A string is usually a bit of text in programming that is written to be displayed to users. It is known to Python when you want to display a string. This is because programmers use either double quote " or single quote ' to enclose a word or group of words to express a string.

ch = 'HelloPython'

str1 = "String Chapter"

Accessing String Values

Characters are not supported by Python, which makes it simpler as characters in Python are treated as strings of length one and hence considered as a sub-string.

The program is showing the use of strings and how they are displayed on-screen.

ch = 'Hello Python'

str1 = "String Chapter"

print ("First value is: " ,  ch)

print ("Second value is: " ,  str1)
First value is: Hello Python
Second value is: String Chapter

If they are considered as a list of characters, then the example shown below will let you understand how they are treated individually:

ch = "Hello Python"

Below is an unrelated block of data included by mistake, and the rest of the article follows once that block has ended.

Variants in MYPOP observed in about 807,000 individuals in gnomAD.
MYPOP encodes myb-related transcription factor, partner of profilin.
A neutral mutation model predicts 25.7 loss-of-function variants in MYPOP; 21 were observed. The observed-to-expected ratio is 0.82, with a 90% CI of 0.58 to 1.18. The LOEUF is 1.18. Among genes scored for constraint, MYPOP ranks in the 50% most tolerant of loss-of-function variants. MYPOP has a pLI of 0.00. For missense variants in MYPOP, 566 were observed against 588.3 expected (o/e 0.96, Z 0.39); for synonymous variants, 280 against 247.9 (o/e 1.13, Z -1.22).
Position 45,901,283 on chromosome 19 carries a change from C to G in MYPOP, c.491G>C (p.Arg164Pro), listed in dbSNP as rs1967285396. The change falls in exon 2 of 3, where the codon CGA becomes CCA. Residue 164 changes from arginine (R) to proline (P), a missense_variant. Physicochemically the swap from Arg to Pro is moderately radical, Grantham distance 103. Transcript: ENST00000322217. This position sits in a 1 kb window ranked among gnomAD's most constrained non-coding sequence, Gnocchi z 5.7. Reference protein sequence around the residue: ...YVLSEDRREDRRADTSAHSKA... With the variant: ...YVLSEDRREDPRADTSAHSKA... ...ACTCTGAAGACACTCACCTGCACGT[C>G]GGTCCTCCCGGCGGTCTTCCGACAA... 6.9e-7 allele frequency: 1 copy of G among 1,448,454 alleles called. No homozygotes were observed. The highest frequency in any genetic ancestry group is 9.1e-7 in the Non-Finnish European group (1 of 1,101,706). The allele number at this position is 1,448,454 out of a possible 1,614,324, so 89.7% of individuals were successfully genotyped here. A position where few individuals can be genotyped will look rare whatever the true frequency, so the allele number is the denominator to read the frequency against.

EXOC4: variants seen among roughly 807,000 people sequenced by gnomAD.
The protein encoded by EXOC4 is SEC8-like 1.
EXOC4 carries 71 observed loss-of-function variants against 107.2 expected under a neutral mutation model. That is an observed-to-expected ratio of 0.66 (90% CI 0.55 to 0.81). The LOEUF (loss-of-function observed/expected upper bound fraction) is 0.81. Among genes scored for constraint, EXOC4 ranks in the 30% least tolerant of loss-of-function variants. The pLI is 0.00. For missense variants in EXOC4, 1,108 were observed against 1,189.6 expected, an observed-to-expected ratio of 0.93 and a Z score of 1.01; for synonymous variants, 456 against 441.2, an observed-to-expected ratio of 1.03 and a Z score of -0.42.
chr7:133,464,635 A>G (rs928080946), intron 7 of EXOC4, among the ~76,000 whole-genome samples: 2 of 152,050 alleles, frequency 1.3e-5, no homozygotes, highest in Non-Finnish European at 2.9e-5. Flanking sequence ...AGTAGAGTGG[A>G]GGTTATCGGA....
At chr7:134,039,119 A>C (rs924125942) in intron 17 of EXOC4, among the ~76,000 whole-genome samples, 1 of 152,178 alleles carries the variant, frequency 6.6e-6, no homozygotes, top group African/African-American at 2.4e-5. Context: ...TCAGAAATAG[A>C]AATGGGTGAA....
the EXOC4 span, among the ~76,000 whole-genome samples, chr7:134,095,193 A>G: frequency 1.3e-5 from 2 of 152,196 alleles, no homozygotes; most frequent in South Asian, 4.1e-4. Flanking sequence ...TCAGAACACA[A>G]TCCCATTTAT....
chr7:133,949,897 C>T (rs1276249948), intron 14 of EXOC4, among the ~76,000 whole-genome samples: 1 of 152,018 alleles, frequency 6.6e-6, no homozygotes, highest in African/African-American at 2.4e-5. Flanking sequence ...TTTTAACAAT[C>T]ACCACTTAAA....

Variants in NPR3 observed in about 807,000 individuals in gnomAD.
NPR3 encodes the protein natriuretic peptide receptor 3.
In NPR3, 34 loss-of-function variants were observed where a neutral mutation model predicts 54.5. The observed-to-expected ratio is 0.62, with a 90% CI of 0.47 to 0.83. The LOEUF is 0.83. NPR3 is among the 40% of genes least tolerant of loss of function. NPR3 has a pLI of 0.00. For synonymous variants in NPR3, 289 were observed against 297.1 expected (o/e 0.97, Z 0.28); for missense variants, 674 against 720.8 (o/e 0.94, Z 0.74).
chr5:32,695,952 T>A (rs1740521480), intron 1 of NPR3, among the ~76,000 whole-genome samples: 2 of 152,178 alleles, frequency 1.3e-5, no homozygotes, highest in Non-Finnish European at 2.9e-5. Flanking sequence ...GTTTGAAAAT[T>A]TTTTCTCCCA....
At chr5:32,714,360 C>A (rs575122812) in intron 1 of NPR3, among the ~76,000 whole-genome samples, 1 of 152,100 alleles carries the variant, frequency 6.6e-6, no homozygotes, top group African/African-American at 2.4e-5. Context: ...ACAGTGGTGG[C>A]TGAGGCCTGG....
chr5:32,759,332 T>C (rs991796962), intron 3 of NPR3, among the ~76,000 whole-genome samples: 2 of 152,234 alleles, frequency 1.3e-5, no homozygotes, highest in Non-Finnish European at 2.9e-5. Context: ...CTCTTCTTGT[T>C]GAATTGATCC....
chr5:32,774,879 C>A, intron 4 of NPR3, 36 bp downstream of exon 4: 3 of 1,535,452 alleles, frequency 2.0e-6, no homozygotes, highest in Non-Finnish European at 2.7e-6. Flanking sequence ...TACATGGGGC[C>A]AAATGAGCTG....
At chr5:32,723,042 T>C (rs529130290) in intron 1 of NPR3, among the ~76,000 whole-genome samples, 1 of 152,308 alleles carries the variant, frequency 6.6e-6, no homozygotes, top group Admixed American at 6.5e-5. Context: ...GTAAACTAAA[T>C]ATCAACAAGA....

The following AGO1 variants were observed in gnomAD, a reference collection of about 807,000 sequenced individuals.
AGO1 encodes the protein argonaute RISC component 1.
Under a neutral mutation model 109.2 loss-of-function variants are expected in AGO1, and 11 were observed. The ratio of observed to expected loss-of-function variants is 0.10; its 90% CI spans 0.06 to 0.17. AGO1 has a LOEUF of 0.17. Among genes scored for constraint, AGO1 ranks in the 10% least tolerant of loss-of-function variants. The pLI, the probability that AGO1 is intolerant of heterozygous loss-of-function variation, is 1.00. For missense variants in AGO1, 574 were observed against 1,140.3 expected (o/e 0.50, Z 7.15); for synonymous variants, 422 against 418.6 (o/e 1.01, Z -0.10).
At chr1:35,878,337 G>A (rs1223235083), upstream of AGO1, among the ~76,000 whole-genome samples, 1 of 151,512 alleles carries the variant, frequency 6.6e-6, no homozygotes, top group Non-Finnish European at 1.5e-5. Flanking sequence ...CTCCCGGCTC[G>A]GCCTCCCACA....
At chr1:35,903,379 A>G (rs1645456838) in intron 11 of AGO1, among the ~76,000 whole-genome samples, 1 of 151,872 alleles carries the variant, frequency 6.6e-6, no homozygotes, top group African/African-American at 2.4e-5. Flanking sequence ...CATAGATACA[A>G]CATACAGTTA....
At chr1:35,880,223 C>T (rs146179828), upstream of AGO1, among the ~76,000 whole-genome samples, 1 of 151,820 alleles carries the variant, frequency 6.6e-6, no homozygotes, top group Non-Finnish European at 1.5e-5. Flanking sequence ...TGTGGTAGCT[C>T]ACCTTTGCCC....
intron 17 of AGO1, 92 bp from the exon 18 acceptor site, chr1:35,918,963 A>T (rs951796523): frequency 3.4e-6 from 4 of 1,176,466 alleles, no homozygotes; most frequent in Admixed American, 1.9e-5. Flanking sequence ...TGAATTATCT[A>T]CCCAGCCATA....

str1 = "String Chapter"

print ("First single sub-string is: " ,  ch[0])

print ("Set of sub-string is: " ,  str1[2:5])
First single sub-string is: H
Set of sub-string is: rin

Updating a String Value or Variable

Reassigning the existing string-variable is more straightforward in Python. We have to use + operator along with the sub-string location. Let's show this as an example:

ch = "Hello Python"

print ("UPDATED STRING WILL BE: " , ch [:8]+ "Python")

Escape Characters

These are special characters represented by a backslash followed by the character(s), and they are used for particular purposes. They can be interpreted using both single and double-quotes. The lists of Escape Characters in Python are:

  • \a: alert
  • \b: backspace
  • \cx: Control X
  • \e: escape
  • \f: Form feed
  • \n: Newline or next line
  • \r: carriage return
  • \s: space
  • \t: tab
  • \v: Vertical Tab